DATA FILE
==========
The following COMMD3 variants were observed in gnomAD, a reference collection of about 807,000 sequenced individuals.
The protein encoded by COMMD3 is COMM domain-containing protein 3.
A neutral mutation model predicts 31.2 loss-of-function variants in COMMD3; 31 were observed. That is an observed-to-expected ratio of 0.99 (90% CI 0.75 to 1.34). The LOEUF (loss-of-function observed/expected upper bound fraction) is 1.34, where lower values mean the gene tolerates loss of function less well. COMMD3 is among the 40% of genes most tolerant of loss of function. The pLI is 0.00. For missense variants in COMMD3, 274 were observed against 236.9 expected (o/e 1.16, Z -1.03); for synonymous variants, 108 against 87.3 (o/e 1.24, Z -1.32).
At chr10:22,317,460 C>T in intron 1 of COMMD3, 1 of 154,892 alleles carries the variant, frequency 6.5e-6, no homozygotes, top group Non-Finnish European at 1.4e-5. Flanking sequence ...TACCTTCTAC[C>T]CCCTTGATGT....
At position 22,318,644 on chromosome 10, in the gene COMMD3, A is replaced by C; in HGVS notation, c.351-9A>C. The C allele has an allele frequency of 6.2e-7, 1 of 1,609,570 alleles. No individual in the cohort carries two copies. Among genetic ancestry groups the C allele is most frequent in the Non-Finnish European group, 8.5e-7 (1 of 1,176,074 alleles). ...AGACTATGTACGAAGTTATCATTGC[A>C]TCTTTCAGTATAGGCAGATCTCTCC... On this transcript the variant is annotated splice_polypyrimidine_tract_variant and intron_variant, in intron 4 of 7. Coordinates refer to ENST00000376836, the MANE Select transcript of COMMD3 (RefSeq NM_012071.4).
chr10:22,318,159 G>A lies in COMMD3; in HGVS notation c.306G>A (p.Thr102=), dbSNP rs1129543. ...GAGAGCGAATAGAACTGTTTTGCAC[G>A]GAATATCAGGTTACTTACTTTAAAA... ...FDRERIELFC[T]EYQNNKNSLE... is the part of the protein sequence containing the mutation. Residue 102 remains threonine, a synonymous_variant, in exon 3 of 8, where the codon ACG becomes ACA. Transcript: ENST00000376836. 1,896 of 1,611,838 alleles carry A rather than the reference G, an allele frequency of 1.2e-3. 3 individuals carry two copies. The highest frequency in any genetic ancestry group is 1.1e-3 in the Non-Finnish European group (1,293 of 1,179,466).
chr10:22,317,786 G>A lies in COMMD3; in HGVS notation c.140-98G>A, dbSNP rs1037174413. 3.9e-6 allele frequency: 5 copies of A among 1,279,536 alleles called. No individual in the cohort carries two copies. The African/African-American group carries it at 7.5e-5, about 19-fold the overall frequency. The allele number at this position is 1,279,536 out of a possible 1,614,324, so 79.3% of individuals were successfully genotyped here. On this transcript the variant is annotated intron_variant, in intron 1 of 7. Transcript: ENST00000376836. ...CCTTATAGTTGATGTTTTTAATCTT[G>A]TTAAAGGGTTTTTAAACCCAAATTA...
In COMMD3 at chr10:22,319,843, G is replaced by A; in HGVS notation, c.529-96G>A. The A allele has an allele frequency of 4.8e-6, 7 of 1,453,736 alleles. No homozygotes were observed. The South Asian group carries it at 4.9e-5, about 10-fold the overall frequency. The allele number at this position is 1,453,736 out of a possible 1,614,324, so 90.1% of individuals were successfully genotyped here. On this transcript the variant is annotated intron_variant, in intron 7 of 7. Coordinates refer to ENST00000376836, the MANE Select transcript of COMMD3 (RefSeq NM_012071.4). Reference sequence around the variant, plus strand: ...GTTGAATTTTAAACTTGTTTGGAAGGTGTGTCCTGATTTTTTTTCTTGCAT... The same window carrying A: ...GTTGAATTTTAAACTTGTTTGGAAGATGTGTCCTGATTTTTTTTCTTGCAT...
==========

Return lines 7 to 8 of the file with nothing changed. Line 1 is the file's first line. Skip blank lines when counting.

chr10:22,317,786 G>A lies in COMMD3; in HGVS notation c.140-98G>A, dbSNP rs1037174413. 3.9e-6 allele frequency: 5 copies of A among 1,279,536 alleles called. No individual in the cohort carries two copies. The African/African-American group carries it at 7.5e-5, about 19-fold the overall frequency. The allele number at this position is 1,279,536 out of a possible 1,614,324, so 79.3% of individuals were successfully genotyped here. On this transcript the variant is annotated intron_variant, in intron 1 of 7. Transcript: ENST00000376836. ...CCTTATAGTTGATGTTTTTAATCTT[G>A]TTAAAGGGTTTTTAAACCCAAATTA...
In COMMD3 at chr10:22,319,843, G is replaced by A; in HGVS notation, c.529-96G>A. The A allele has an allele frequency of 4.8e-6, 7 of 1,453,736 alleles. No homozygotes were observed. The South Asian group carries it at 4.9e-5, about 10-fold the overall frequency. The allele number at this position is 1,453,736 out of a possible 1,614,324, so 90.1% of individuals were successfully genotyped here. On this transcript the variant is annotated intron_variant, in intron 7 of 7. Coordinates refer to ENST00000376836, the MANE Select transcript of COMMD3 (RefSeq NM_012071.4). Reference sequence around the variant, plus strand: ...GTTGAATTTTAAACTTGTTTGGAAGGTGTGTCCTGATTTTTTTTCTTGCAT... The same window carrying A: ...GTTGAATTTTAAACTTGTTTGGAAGATGTGTCCTGATTTTTTTTCTTGCAT...